– In fact, what amplifies the writer’s lack of understanding of what a PWM power supply is the fact that he cant recognize the same power supply controller on the GTX280 that exists on the high-end AMD cards. See the black square on the top side of the card, on its bottom right corner (right under the red “1” in your picture)? Notice it has a V on it? Could it be “V” for Volterra? Looks like NVIDIA has some Volterra contacts of their own already … maybe they just don’t know the author’s guy?
    – Even worse, the author doesn’t understand what the difference is between digital and analog controllers. It has nothing to do with the existence of PWM control, and all to do with the level at which the control parameters are configured (SW registers or HW components). In fact, Volterra is known to NOT be a fully digital controller, but rather a hybrid. Other controller companies, such as Primarion, which have been featured on products like 8800GT and 9800GTX, actually design fully digital PWM buck converters – but none of that is relevant to this issue.
    – The squealing isn’t necessarily caused by the vibration of high frequency coils, mostly because coils don’t exist in most of today’s high end inductors – there is just one strip of metal. In fact, that squealing could theoretically be caused by any component on the board, though inductors and capacitors are the biggest culprits.
    – The statement about “solid-state” capacitors isn’t clear what you are referring to, that term doesnt exist for caps, however actually a large variety of caps (from MLCC’s (small brown squares) to ALE’s (cans)) have shown an aptitude for creating noise, some better, some worse.
    – The 12V rail isn’t a high current rail. Everything in life is relative of course, but on a DC-DC buck converter power supply, it is the output (the ~1V on the GPU) of the power supply that carries all the large currents, the input has a current roughly 10x smaller for this application.
    – Changing a power connector to make the problem go away isn’t an indicator of “bad supply power”, but rather that the noise is coming from the PSU of the computer, and not the graphics card. I guess that poor circuit design isn’t limited to NVIDIA engineers ;-).
    – Inductors have air gaps in their casing that allows for heat to escape (as well as from their leads). Covering your parts with nail polish could help the sound go away, it could also help shorten the life of your board dramatically.

    I wish I could tell you more about actual root cause of the problem, but as you can probably guess, I will be putting myself at risk at that point. None the less, clearing the record on the many false statements made in this article was something that needed to be done.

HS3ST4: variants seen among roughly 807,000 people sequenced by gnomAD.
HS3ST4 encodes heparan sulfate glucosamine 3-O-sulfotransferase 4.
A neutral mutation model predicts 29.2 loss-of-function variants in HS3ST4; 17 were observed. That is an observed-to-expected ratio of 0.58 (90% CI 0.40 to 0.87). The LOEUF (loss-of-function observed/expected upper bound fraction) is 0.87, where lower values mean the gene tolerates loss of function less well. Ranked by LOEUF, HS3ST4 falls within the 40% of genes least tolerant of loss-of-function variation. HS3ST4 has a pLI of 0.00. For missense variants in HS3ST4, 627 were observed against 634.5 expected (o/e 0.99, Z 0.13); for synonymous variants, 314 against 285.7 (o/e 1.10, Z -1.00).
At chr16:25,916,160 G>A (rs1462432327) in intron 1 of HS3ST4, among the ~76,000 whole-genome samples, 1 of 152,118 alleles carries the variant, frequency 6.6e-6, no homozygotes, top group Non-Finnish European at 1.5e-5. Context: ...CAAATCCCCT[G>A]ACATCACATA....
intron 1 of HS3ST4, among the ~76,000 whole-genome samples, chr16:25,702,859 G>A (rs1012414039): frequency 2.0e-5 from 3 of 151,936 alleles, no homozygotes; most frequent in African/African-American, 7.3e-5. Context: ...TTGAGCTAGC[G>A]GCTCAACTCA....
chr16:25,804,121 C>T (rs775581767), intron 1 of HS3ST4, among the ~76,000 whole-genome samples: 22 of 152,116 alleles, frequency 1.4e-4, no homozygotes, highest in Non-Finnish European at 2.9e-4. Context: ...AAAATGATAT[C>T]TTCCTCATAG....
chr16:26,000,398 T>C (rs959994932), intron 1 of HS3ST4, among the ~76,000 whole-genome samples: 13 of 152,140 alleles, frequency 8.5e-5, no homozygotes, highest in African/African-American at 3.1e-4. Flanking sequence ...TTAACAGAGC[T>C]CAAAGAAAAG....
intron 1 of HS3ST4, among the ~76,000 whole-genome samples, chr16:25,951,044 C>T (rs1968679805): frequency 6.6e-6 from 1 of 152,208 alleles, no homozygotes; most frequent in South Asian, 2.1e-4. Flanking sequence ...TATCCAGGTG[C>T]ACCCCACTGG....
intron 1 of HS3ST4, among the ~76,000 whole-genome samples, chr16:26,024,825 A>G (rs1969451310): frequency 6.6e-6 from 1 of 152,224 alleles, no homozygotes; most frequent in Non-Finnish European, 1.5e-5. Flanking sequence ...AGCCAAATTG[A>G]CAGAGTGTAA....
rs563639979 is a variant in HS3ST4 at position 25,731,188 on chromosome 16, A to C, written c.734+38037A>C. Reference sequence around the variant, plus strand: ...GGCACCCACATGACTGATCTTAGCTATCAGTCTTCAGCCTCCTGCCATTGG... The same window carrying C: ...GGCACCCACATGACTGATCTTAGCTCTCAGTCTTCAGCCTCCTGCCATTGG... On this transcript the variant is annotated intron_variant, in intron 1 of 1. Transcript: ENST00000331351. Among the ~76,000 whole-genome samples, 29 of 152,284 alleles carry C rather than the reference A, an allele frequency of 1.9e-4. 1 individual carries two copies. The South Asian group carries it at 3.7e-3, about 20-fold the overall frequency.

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  • Psyk0

    Thank you, for help

  • IronSoul

    boght TT Toughpower 1200W and PSU squealing is gone. Only left VGA squeal.

    Thermal Pad Full Cover for bought here:

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  • david

    I have an Abit IN9-32X 680i motherboard that I want to overclock my cpu but unfortunately I get a hiss under cpu load when the vcore is up past 1.375 volts. This is limiting my overclock even though I’ve got my e6600 to 3.2ghz on 1.425 volts. Is this the same squeal the author here is talking about? Is it dangerous or just annoying? Are my capacitors going to bust?

  • 2umind

    WELL, I’ve got a solution for AGP cards and PCI cards with molex adapted connections. The noises all revolve mainly around overheating as well as poorly placed connections, here’s a solution that will increase your video cards life span, kill those noises, and speed up the pc performance overall and you don’t have to break anything or glue anything =O…


  • Sean

    Are you sure squealing is non-existant for 4800-series ATI cards?

    I know my card squeals when running Folding@home full load. It is that only some cards use digital PWM?

  • TerminatorUK

    Blimey, I thought I was the only person in the world to experience this!

    I don’t get it anymore with my current setup (790i ultra board, x2 8800 GTXs SLI) but in the past I used to get a terrible squeal from my X800 XT PE whilst playing Guild Wars (probably the most graphically intensive title I had at the time) but nothing else…it was absoutely bizaar and didn’t know how to even start approaching it.

    Not that it will help me today but I have still got that rig at my father-in-law’s house…I might go into it with some nail polish and see I can stop the squeling for research purposes!

    Does it make any difference what colour the nail polish is? 😛

  • Vandal